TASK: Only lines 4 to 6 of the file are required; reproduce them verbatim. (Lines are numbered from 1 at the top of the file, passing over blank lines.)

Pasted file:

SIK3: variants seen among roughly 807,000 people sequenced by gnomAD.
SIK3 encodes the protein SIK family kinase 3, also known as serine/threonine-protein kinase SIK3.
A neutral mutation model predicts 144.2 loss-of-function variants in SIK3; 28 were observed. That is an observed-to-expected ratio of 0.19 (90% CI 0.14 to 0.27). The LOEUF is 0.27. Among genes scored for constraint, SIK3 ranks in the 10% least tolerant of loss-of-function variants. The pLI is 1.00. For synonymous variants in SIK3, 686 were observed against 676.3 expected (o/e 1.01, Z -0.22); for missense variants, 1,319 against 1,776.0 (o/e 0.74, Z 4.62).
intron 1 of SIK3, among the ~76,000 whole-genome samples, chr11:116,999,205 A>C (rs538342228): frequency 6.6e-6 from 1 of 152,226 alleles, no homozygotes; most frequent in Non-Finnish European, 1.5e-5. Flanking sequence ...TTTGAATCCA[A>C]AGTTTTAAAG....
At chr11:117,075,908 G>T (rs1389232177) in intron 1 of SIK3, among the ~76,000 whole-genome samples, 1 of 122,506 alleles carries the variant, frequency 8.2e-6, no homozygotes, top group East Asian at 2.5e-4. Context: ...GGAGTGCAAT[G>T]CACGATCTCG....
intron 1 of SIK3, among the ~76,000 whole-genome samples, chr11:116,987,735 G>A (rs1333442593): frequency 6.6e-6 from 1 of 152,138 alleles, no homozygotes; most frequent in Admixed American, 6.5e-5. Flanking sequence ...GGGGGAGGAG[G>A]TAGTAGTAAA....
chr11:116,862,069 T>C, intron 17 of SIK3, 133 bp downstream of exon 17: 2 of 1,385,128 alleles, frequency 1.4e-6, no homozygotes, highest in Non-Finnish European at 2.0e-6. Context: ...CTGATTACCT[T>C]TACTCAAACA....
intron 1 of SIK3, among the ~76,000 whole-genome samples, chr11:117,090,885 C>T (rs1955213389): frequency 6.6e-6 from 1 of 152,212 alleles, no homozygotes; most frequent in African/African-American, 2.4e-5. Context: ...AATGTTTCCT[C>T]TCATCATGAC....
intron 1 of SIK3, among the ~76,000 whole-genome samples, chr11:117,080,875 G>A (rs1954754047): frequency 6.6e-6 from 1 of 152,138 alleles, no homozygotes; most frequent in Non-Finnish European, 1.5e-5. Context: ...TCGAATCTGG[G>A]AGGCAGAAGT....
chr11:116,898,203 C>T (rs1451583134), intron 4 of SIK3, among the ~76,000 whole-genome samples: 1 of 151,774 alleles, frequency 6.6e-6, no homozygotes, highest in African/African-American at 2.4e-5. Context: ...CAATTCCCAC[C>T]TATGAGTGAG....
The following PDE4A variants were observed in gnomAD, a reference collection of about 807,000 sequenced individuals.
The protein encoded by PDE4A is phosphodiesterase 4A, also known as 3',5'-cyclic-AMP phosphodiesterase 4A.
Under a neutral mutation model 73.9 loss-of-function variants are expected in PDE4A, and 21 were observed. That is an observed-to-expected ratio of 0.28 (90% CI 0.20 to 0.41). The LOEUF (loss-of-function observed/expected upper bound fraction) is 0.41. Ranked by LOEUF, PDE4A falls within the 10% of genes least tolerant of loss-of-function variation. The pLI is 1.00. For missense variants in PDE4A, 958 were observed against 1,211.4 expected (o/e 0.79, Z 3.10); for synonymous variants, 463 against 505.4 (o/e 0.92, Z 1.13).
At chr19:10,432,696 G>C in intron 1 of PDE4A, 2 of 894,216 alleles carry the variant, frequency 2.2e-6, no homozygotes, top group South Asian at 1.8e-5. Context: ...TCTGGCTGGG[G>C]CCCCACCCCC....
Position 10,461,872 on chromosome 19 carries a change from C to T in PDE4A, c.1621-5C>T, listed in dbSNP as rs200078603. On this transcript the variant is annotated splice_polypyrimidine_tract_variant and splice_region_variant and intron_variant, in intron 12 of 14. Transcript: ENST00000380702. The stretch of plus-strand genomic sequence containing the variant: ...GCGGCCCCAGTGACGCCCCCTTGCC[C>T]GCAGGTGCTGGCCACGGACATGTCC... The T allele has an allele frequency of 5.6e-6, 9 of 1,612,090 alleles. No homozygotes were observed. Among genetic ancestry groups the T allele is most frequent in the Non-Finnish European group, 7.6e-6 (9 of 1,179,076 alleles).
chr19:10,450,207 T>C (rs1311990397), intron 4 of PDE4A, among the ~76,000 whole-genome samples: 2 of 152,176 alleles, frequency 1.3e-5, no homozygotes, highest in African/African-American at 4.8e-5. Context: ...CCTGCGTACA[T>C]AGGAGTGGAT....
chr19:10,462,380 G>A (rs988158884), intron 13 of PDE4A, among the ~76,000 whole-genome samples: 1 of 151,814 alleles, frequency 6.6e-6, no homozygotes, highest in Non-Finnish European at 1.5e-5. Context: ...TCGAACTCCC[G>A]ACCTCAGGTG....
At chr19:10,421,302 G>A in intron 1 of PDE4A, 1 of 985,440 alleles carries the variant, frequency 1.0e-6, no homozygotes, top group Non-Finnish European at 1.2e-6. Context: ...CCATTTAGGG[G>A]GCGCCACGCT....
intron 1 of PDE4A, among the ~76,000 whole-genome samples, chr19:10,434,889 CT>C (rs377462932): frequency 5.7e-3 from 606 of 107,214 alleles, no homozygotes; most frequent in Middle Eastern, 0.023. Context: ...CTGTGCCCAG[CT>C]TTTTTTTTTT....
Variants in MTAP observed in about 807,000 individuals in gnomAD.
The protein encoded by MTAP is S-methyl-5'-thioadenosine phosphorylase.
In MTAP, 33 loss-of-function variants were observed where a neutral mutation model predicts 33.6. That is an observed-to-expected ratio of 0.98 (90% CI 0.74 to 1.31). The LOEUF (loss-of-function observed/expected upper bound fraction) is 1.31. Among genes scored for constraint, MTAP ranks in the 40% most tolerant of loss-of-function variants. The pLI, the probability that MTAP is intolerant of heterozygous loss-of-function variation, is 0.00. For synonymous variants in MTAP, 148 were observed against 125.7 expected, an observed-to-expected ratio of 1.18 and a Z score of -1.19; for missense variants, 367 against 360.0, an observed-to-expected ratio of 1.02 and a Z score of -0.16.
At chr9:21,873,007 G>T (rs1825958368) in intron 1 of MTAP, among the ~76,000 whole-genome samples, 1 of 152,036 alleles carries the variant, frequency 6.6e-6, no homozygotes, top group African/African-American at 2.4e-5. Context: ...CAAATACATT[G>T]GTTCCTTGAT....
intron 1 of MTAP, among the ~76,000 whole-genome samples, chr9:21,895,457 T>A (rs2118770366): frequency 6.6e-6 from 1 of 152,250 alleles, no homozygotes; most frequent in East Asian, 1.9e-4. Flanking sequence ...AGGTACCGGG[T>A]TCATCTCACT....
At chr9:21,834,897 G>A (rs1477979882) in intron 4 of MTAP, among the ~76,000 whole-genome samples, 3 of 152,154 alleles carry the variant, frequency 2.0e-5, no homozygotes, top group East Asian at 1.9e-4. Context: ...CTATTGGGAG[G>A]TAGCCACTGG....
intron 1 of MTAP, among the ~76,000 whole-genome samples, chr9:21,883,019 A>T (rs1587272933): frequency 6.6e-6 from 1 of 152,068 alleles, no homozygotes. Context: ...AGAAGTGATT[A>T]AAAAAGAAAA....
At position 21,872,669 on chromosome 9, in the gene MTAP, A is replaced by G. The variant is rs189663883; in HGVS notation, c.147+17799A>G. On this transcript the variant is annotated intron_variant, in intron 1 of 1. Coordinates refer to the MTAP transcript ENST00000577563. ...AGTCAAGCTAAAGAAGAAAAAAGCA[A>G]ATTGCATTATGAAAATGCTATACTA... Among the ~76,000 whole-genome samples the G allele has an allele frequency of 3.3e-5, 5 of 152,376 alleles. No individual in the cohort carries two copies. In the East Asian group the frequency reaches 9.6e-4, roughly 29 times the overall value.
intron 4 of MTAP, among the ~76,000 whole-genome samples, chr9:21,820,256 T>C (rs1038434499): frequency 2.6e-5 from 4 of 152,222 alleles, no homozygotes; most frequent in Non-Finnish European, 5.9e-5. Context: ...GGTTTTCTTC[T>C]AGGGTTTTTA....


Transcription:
intron 1 of SIK3, among the ~76,000 whole-genome samples, chr11:116,999,205 A>C (rs538342228): frequency 6.6e-6 from 1 of 152,226 alleles, no homozygotes; most frequent in Non-Finnish European, 1.5e-5. Flanking sequence ...TTTGAATCCA[A>C]AGTTTTAAAG....
At chr11:117,075,908 G>T (rs1389232177) in intron 1 of SIK3, among the ~76,000 whole-genome samples, 1 of 122,506 alleles carries the variant, frequency 8.2e-6, no homozygotes, top group East Asian at 2.5e-4. Context: ...GGAGTGCAAT[G>T]CACGATCTCG....
intron 1 of SIK3, among the ~76,000 whole-genome samples, chr11:116,987,735 G>A (rs1333442593): frequency 6.6e-6 from 1 of 152,138 alleles, no homozygotes; most frequent in Admixed American, 6.5e-5. Flanking sequence ...GGGGGAGGAG[G>A]TAGTAGTAAA....